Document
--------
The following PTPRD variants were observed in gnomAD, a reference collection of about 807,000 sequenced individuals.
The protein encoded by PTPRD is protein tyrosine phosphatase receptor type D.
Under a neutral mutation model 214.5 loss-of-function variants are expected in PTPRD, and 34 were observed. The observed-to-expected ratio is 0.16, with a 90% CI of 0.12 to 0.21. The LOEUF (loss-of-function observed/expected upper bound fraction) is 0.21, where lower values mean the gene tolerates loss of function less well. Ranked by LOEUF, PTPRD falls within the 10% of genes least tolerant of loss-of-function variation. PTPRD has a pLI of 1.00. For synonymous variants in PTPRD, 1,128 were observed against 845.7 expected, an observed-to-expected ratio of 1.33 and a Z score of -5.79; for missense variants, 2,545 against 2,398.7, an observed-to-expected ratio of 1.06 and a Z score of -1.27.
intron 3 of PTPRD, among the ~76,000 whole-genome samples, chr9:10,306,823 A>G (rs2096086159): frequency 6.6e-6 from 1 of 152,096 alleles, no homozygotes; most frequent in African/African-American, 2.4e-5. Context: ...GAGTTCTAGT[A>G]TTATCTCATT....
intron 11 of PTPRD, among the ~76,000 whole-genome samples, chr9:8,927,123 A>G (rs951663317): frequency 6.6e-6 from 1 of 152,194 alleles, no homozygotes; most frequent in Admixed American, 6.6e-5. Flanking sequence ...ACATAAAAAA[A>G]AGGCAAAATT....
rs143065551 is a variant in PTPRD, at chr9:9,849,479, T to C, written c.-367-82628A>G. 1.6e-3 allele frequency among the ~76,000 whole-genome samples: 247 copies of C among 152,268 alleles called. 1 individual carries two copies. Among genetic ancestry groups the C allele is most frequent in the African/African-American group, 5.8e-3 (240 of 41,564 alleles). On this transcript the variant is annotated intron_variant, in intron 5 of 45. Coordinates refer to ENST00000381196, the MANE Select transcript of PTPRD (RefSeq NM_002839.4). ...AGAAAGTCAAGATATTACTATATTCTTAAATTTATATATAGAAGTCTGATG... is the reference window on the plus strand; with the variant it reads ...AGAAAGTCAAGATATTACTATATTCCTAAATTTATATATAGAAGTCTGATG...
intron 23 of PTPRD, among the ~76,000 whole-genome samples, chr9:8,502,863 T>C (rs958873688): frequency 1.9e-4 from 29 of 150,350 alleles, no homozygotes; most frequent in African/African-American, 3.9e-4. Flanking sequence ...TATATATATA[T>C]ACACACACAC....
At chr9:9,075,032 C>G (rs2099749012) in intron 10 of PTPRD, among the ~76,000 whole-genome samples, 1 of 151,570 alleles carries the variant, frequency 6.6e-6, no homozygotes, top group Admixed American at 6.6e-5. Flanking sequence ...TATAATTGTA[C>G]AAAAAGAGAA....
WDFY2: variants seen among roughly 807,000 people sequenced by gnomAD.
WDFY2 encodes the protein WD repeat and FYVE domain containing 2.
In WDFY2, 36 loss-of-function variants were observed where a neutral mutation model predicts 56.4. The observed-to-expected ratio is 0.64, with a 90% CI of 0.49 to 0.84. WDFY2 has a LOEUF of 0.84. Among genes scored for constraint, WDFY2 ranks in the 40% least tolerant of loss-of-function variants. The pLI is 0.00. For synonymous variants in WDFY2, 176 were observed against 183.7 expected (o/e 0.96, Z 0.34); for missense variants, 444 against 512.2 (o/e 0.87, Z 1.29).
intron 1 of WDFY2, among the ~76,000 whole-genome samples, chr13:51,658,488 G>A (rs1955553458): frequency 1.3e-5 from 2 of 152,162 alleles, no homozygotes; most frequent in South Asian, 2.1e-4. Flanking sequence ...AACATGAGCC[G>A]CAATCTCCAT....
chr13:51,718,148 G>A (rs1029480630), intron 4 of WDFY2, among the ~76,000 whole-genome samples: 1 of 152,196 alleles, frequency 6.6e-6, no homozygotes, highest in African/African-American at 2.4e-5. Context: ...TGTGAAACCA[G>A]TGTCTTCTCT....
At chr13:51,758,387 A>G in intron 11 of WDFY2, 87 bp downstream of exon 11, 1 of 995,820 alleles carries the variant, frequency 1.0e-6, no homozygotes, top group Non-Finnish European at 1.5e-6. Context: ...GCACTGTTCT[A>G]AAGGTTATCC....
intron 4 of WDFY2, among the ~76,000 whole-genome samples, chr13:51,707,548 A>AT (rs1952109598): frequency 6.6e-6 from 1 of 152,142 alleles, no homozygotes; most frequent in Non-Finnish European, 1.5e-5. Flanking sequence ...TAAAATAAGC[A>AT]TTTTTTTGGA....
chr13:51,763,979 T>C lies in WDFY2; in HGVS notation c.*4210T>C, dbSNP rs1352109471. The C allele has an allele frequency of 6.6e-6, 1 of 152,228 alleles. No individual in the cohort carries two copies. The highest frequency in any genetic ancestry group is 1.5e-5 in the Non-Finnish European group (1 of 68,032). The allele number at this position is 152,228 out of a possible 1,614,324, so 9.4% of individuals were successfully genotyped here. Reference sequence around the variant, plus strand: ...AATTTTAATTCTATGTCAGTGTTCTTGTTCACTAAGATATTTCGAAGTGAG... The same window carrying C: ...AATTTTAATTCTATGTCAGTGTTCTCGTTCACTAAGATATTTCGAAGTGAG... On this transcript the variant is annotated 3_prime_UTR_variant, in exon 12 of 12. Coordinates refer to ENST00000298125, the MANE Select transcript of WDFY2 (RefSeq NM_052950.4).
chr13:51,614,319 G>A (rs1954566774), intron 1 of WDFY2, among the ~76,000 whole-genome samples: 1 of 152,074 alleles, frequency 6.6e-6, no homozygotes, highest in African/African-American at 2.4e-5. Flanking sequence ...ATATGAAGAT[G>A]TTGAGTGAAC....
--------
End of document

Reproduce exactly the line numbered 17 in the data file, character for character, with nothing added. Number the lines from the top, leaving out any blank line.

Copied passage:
chr13:51,614,319 G>A (rs1954566774), intron 1 of WDFY2, among the ~76,000 whole-genome samples: 1 of 152,074 alleles, frequency 6.6e-6, no homozygotes, highest in African/African-American at 2.4e-5. Flanking sequence ...ATATGAAGAT[G>A]TTGAGTGAAC....